TOR protocol simulation

Nick Mathewson nickm at
Fri Apr 15 23:28:08 UTC 2005

On Fri, Apr 15, 2005 at 01:44:42PM +0200, fiskio wrote:
> **I already posted this one on or-talk but nobody answered me,
> since these are fairly technical questions i fisured that i may find more
> answers here, thanks** 
> Hi everybody,
> i am working on a simulation project on TOR.
> I read all the documentation but there are still some thechnical question i
> would like to ask. 
> 1 - Tor uses cells of 512 bytes and they are encrypted.
> I am wondering how much this encryption takes on an average machine.
> If the time involved is relevant compared to the time of transmission
> i 'll have to deal with that in order to get significant results. 

I don't think I've measured the time on more than one platform.  It
should take around 17 microseconds on my laptop, but who knows how
much time it takes in practice.  Measurement seems in order.

> 2 - How does it decide the circuit and how long is it?
> It seems a totally random decision but it must have some policy enforced
> like the number of nodes or which ones? am i right? 

Assume for the moment that we aren't using hidden services, since that
complicates matters.  Right now, all circuits are 3 hops long (since 3
is better than 2, but 4 is not demonstrably better than 3).  We choose
nodes for circuits with probability proportional to their declared
bandwidth.  For entry and exit, we choose only recommended servers.
For exit, we only choose servers that allow exit connections to the
desired addresses/ports.

Also, we try to have some circuits using only high-bandwidth servers
(for things like web) / and some for only high-uptime servers (for
things like IRC).

For more information, you should read the code; we change this part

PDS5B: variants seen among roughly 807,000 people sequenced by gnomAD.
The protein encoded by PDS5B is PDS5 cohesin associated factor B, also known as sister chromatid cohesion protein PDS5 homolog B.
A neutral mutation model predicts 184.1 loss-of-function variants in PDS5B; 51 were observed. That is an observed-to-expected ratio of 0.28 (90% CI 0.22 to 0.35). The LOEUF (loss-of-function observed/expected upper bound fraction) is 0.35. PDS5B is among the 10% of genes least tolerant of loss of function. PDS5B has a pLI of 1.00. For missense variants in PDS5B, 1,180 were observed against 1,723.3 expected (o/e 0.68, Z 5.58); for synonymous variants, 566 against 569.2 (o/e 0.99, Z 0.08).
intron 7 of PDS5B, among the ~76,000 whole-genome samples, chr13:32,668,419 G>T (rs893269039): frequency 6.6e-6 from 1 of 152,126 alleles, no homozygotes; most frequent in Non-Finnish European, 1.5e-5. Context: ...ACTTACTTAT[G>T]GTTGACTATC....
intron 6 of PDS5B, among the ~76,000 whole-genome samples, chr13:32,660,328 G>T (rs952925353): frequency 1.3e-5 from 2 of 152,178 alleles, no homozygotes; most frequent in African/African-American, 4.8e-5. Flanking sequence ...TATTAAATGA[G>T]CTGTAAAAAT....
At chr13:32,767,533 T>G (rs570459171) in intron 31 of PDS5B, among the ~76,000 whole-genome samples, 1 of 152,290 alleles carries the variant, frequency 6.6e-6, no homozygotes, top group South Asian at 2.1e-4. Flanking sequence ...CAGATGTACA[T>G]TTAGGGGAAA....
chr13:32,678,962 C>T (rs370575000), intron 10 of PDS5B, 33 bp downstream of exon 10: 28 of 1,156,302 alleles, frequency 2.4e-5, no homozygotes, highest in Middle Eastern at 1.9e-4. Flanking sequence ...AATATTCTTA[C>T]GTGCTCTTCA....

frequently, since it is fairly performance-critical.

> 3 - The circuit is changed every minute right? how often do the OP start a
> new circuit construction? And if there is no traffic does it stick with
> the old
> circuit or does it keep on changing it? 

We try to have new "clean" circuits ready whenever possible, enough to
permit exit to the ports that we use "frequently".   When we use a
circuit (by sending traffic over it), we mark the circuit as "dirty",
and we try not to put new connections over a circuit that's been dirty
for "a while".  ("A while" is 30 seconds in 0.0.9 and 10 minutes in 0.1.0.)

For more information, you should read the code; we change this part
frequently, since it is fairly performance-critical.

> 4 - Since i want it to be accurate i am intrested in your policies for rate
> limiting and fairness. I am talking about the bucket approach and the
> euristich to distinguish an interactive stream. 
> 5 - The same is about congestion control. I could simulate the protocol
> without it but it seems very important in order to decrerase latency. 

Right now, we do what is described in tor-spec.txt for these, which
isn't much.  Please let us know if you have any questions about what's
described there.

Nick Mathewson
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